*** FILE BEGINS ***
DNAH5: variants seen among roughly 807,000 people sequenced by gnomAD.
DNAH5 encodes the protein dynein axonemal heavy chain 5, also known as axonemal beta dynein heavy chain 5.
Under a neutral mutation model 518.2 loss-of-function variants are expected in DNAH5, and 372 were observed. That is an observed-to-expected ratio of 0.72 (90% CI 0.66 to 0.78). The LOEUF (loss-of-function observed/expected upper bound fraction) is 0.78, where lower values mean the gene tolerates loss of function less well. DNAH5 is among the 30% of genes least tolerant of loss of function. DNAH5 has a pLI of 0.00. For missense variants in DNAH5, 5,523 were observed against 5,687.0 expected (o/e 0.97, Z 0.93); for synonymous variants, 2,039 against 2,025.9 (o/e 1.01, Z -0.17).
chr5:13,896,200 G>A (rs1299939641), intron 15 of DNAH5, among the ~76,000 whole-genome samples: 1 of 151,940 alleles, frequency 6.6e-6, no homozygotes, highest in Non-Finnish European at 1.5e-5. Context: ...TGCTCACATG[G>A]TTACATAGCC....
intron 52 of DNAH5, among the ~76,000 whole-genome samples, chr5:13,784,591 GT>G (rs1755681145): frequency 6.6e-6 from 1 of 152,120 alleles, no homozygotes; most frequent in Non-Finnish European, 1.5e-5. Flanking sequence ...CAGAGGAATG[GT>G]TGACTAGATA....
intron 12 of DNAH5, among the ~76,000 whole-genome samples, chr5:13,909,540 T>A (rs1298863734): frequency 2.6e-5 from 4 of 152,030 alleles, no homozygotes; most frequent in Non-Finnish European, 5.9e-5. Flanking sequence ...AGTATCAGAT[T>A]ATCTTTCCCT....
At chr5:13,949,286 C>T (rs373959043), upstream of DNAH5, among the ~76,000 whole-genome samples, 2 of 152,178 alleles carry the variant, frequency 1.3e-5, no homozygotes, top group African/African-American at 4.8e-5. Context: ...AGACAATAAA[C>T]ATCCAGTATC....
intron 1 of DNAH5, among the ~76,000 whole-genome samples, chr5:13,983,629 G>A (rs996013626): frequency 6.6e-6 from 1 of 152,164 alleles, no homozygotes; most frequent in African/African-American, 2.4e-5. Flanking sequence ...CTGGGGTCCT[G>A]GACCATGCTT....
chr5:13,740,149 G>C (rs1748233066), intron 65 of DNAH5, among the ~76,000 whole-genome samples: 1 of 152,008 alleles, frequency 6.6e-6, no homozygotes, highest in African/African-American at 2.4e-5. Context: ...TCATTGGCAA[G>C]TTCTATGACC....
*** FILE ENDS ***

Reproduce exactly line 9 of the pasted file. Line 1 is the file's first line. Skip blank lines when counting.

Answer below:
chr5:13,740,149 G>C (rs1748233066), intron 65 of DNAH5, among the ~76,000 whole-genome samples: 1 of 152,008 alleles, frequency 6.6e-6, no homozygotes, highest in African/African-American at 2.4e-5. Context: ...TCATTGGCAA[G>C]TTCTATGACC....